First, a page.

If you've hard about the Surrey Light Rail Transit project (and how I am leading the opposition campaign), you've probably heard most people refer to the project as having a projected cost of about $2.1 billion.
Well, that changes today. The capital cost of Surrey's Light Rail Transit (LRT) proposal has increased to $2.6 billion, according to a new corporate report released by the city.
Pending whether the City claims there was a typo in the report, you're reading the above correctly. The cost has increased to $2.6 billion, which is slightly above the rate of inflation compared to the previous 2012 estimate of $2.18 billion, reported in 2010 dollars.
Rapid transit to White Rock is officially out
I became the centre of something of a publicity flip last week when CKNW news radio attempted to turn around an issue I pointed out over the lack of a rapid transit link to South Surrey/White Rock on the City's LRT promotion map, something the City responded to by saying that the map was only meant to show the LRT network, and that I edited the map and was messing up the context (I wasn't).
Now it's become clear that proper bus rapid transit to White Rock has been dropped from the city's project radar, because it's not included on the list at all.
This also means that the actual cost increase for the LRT project is closer to $700 million. The 2012 "LRT1" estimate in the Surrey Rapid Transit Study included the BRT link from Newton to White Rock. This estimate only includes the LRT project portion of the original plan.
What this means for LRT in Surrey
While the cost of the LRT project has increased, the major issues with the project have probably remained the same: it's still an on-street LRT system, and so it's still going to come with major trade-offs such as potential safety issues, a compromise in speed and reliability, fewer travel time and economic benefits, and higher long-term operating costs.
The most interesting thing about this cost increase is the effect it's going to have on the project's business case.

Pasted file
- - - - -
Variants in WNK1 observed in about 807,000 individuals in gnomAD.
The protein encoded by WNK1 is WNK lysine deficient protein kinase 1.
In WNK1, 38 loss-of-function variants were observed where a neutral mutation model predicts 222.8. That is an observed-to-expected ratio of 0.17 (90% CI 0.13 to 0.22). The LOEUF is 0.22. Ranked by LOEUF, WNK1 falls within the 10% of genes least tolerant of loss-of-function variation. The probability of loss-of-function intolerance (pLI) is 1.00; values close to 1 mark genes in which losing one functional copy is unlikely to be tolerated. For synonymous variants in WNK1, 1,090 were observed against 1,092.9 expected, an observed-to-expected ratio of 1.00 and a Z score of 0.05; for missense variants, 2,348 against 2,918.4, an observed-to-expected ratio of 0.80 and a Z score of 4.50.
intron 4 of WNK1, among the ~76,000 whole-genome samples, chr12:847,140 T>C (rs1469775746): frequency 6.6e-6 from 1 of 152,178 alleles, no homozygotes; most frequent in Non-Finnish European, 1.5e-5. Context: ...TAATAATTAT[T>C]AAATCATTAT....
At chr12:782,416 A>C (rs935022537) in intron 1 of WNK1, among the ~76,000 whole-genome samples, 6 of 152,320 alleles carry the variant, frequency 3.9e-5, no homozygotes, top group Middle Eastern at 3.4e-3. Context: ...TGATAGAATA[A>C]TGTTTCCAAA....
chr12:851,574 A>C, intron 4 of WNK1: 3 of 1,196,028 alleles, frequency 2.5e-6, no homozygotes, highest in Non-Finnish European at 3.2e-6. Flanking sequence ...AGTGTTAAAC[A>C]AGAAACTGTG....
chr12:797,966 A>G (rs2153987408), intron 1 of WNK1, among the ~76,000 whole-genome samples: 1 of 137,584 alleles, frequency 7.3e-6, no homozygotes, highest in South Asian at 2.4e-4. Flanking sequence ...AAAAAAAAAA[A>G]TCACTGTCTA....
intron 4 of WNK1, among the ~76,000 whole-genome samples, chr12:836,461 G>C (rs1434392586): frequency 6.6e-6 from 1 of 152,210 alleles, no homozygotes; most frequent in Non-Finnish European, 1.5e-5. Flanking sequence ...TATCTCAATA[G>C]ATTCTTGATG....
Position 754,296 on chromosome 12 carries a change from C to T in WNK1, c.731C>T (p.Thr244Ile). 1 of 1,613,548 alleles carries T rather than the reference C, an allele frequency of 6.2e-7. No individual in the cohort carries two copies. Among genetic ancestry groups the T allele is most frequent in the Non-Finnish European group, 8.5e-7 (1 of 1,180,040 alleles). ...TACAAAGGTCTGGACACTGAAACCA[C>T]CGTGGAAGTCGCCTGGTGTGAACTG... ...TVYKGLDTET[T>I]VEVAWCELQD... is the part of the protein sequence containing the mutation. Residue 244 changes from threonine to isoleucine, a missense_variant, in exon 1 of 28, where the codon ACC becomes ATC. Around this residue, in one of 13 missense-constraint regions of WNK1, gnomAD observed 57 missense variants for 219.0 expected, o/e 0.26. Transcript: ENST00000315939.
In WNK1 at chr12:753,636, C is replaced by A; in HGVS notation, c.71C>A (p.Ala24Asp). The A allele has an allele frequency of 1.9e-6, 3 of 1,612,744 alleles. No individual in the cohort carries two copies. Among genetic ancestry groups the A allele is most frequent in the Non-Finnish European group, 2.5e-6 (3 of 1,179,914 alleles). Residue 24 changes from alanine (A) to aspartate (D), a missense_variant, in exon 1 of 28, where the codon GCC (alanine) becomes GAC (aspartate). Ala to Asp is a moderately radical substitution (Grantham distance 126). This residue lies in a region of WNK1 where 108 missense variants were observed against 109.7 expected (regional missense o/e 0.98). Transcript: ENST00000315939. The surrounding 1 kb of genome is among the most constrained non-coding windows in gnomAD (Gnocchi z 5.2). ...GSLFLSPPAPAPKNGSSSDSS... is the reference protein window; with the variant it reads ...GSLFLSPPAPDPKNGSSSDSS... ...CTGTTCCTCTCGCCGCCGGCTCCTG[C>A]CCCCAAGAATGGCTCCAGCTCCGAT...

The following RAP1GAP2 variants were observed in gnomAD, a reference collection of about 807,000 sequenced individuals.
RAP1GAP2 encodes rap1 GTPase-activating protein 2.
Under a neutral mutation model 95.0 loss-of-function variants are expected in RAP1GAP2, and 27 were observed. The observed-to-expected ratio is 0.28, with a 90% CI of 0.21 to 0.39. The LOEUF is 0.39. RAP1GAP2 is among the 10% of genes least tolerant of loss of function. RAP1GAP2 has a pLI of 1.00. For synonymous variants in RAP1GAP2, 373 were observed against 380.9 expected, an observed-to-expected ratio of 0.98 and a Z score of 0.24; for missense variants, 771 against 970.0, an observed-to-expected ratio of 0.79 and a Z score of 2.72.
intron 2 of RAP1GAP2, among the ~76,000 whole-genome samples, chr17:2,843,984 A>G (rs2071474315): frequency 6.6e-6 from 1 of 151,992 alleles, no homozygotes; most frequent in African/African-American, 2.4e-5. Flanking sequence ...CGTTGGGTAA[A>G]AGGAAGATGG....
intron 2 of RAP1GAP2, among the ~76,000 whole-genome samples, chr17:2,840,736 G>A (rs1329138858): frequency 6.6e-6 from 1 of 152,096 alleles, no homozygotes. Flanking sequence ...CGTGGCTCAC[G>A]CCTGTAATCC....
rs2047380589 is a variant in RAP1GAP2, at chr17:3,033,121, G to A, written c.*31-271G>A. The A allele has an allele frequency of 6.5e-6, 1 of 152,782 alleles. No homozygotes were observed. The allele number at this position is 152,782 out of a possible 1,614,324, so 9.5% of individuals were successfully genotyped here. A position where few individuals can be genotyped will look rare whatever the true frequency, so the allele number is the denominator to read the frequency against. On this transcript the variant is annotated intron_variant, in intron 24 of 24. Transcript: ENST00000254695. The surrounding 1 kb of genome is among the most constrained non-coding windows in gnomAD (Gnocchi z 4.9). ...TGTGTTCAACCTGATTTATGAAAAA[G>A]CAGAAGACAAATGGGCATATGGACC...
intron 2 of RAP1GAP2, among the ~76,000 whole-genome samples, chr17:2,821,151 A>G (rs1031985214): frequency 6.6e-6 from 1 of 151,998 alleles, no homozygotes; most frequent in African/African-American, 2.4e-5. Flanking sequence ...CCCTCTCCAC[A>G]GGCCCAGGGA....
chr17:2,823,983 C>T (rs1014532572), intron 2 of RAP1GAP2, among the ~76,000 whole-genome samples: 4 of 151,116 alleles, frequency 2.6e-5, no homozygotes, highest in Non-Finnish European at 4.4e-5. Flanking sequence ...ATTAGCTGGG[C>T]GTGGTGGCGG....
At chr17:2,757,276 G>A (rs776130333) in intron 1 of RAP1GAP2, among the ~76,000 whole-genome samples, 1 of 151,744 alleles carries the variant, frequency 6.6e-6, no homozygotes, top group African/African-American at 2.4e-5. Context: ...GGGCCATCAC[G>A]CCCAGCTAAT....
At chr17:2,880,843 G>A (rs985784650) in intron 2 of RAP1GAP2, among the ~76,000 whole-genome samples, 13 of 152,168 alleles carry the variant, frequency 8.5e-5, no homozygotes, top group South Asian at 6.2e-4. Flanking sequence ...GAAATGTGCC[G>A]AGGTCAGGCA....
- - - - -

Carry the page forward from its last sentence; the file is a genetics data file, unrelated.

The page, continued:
Staff anticipate that the Surrey LRT Project will be successfully screened-in for Round Seven. This will require the submission of a completed P3 Business Case in March 2016. The scope of work for completing the Business Case includes additional engineering design, geotechnical work, preparation for environmental assessment, and public consultation.
City report dated June 2015
Supposedly, according to the City, the business case isn't finalized, and the City and TransLink have been rushing to put together a new one in time for a March 2016 (as in, yes, this month) deadline to qualify for P3 Canada project funding.
However, any new, final business case that attempts to portray the LRT proposal in a positive light will come into serious conflict with the results that were found in Phase 2 of the Surrey Rapid Transit Study – which found the overall business case for the Light Rail proposal to be negative, with a 0.69:1 benefit-cost ratio (compared to a more positive 1.45:1 benefit-cost ratio for SkyTrain). And, that result was based on the original (lower) LRT cost estimate.
With all of this in mind, I'm starting to believe that there isn't going to be an LRT business case ready for this month. I haven't heard any new technical details on this project (until word of today's cost increase reached me), with everything happening behind closed doors (if it's even happening at all). The standstill reminds me of the one faced by the Evergreen Line as a Light Rail project, before the Province stepped in with a final business case and changed the Evergreen Line to its present form as a SkyTrain extension. (See also: The Real Evergreen Line Story).
Surrey Mayor Linda Hepner backs off election promise LRT cars will be moving by 2018. Now says construction will start by 2018. #cbc
— Jesse Johnston (@Jesse_Johnston) September 28, 2015
After a desperate and questionable LRT poll, a broken LRT promise by the City Mayor, silence over brand new transit buses and still no update from TransLink on Phase 3 consultation, it's becoming more and more apparent that the City of Surrey's LRT project is seriously doomed to fail.